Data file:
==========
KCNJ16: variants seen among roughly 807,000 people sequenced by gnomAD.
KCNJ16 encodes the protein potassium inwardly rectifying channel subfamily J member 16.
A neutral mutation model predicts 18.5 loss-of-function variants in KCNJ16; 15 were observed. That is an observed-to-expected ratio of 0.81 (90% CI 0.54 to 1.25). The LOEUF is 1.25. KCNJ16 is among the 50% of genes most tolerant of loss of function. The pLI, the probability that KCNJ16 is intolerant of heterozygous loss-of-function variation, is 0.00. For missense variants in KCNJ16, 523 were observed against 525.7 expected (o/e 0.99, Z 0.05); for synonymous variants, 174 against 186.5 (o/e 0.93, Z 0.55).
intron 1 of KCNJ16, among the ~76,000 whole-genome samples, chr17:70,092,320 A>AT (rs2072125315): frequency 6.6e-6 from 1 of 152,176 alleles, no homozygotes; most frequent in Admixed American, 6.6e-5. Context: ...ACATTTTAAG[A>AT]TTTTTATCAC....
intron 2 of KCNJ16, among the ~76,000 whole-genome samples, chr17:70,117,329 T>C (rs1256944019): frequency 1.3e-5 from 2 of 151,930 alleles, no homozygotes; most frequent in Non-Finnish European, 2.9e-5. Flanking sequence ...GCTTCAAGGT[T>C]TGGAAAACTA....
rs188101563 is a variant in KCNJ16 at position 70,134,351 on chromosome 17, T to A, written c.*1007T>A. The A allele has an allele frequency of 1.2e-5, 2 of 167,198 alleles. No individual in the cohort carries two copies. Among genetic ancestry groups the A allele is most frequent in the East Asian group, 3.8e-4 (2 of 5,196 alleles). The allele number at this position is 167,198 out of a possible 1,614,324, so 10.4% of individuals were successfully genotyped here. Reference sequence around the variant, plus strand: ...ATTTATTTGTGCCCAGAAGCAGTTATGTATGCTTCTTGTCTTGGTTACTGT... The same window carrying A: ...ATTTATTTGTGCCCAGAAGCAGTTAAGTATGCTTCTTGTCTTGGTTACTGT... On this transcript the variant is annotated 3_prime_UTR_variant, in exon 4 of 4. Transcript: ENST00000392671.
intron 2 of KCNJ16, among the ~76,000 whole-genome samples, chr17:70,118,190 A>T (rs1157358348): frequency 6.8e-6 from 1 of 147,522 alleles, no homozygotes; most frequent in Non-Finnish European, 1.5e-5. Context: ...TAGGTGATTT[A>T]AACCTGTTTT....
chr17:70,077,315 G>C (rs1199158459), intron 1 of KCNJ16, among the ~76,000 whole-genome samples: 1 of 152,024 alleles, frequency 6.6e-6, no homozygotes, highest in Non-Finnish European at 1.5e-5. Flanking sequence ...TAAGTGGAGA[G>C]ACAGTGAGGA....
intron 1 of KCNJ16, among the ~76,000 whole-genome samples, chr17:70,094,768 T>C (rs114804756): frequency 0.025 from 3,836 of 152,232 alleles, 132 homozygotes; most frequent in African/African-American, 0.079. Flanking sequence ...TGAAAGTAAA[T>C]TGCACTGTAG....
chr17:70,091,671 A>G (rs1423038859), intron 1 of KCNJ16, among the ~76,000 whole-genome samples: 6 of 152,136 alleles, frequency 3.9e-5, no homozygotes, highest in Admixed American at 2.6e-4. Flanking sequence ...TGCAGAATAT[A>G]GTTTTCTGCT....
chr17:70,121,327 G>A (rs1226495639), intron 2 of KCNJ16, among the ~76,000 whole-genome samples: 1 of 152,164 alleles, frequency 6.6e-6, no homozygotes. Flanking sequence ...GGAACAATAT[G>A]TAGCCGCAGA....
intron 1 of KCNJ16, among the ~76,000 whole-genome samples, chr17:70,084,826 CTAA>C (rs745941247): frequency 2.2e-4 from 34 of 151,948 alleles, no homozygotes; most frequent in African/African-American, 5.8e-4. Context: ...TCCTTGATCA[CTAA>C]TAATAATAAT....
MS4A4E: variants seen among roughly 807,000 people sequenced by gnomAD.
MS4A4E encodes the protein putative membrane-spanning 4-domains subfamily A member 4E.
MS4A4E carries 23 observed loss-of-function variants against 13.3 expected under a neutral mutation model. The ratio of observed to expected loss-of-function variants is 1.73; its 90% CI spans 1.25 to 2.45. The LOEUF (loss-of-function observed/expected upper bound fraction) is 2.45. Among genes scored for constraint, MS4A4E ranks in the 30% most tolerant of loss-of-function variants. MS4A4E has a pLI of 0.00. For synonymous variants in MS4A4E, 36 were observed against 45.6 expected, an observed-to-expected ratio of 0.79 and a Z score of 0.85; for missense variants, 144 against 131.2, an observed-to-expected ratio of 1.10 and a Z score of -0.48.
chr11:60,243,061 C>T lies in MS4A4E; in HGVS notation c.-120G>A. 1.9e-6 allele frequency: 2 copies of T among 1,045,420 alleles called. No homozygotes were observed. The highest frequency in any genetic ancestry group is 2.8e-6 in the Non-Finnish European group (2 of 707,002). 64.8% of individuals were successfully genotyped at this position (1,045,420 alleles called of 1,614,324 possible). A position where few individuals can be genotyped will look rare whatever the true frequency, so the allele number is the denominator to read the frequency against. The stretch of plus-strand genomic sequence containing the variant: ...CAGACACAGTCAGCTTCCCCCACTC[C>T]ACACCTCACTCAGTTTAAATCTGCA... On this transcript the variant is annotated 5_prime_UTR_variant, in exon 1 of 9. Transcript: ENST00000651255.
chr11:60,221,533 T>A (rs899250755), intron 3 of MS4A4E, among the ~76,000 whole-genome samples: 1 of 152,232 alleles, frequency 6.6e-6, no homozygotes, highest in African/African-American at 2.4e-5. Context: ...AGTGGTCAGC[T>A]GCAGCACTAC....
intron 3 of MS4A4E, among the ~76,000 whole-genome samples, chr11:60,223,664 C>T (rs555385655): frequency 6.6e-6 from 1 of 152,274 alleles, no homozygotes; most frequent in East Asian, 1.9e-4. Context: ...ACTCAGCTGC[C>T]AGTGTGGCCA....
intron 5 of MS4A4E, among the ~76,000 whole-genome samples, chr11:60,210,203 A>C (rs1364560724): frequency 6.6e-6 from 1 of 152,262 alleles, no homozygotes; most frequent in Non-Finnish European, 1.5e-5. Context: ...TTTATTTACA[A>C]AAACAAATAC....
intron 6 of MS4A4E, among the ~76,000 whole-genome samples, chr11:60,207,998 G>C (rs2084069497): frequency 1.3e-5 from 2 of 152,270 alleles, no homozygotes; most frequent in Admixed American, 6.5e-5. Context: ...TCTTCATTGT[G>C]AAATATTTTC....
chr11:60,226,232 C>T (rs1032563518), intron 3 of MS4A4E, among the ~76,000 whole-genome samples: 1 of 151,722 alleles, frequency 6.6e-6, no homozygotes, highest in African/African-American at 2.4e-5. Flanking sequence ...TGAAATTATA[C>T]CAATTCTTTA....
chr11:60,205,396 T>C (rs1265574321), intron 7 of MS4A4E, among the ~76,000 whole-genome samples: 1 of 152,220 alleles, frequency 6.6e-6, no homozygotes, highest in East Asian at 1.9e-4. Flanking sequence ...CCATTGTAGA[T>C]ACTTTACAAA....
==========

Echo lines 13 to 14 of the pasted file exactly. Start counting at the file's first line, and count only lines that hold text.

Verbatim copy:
MS4A4E: variants seen among roughly 807,000 people sequenced by gnomAD.
MS4A4E encodes the protein putative membrane-spanning 4-domains subfamily A member 4E.